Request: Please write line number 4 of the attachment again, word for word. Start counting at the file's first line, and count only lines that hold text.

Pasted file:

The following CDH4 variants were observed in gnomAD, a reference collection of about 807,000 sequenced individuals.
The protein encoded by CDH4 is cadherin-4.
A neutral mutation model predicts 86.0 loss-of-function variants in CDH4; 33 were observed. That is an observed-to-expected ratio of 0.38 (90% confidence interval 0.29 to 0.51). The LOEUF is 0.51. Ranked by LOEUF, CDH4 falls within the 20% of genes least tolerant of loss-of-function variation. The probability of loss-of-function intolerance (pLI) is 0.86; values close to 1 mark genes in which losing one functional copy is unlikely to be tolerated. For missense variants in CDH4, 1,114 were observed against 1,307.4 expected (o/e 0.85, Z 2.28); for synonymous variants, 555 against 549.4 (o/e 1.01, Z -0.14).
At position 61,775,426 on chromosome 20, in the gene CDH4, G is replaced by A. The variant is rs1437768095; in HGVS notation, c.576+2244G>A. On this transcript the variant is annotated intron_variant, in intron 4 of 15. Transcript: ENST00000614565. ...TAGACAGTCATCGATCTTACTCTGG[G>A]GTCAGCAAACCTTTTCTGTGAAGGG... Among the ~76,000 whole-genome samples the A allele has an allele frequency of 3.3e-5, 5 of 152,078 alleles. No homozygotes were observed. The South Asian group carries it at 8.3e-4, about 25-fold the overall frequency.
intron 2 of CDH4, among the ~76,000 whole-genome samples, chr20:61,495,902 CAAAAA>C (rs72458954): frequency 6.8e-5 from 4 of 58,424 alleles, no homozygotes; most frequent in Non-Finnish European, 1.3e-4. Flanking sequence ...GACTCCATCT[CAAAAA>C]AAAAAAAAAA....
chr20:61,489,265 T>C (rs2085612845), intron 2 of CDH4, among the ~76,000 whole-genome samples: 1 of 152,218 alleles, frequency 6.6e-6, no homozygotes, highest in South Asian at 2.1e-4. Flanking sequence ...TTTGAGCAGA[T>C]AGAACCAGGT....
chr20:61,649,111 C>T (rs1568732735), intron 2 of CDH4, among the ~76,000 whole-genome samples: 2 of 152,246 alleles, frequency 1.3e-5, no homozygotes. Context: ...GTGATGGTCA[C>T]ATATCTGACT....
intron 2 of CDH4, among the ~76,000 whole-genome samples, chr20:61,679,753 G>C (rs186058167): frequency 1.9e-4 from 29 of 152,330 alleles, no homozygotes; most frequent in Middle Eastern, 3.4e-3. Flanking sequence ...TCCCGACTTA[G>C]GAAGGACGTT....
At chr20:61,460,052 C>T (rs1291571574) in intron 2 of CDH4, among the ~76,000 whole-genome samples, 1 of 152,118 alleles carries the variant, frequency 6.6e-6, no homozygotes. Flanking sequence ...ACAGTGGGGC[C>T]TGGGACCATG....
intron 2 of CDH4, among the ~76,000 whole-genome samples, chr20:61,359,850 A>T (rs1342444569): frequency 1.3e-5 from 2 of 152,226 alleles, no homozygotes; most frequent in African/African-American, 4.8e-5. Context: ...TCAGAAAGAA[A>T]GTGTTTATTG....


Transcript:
At position 61,775,426 on chromosome 20, in the gene CDH4, G is replaced by A. The variant is rs1437768095; in HGVS notation, c.576+2244G>A. On this transcript the variant is annotated intron_variant, in intron 4 of 15. Transcript: ENST00000614565. ...TAGACAGTCATCGATCTTACTCTGG[G>A]GTCAGCAAACCTTTTCTGTGAAGGG... Among the ~76,000 whole-genome samples the A allele has an allele frequency of 3.3e-5, 5 of 152,078 alleles. No homozygotes were observed. The South Asian group carries it at 8.3e-4, about 25-fold the overall frequency.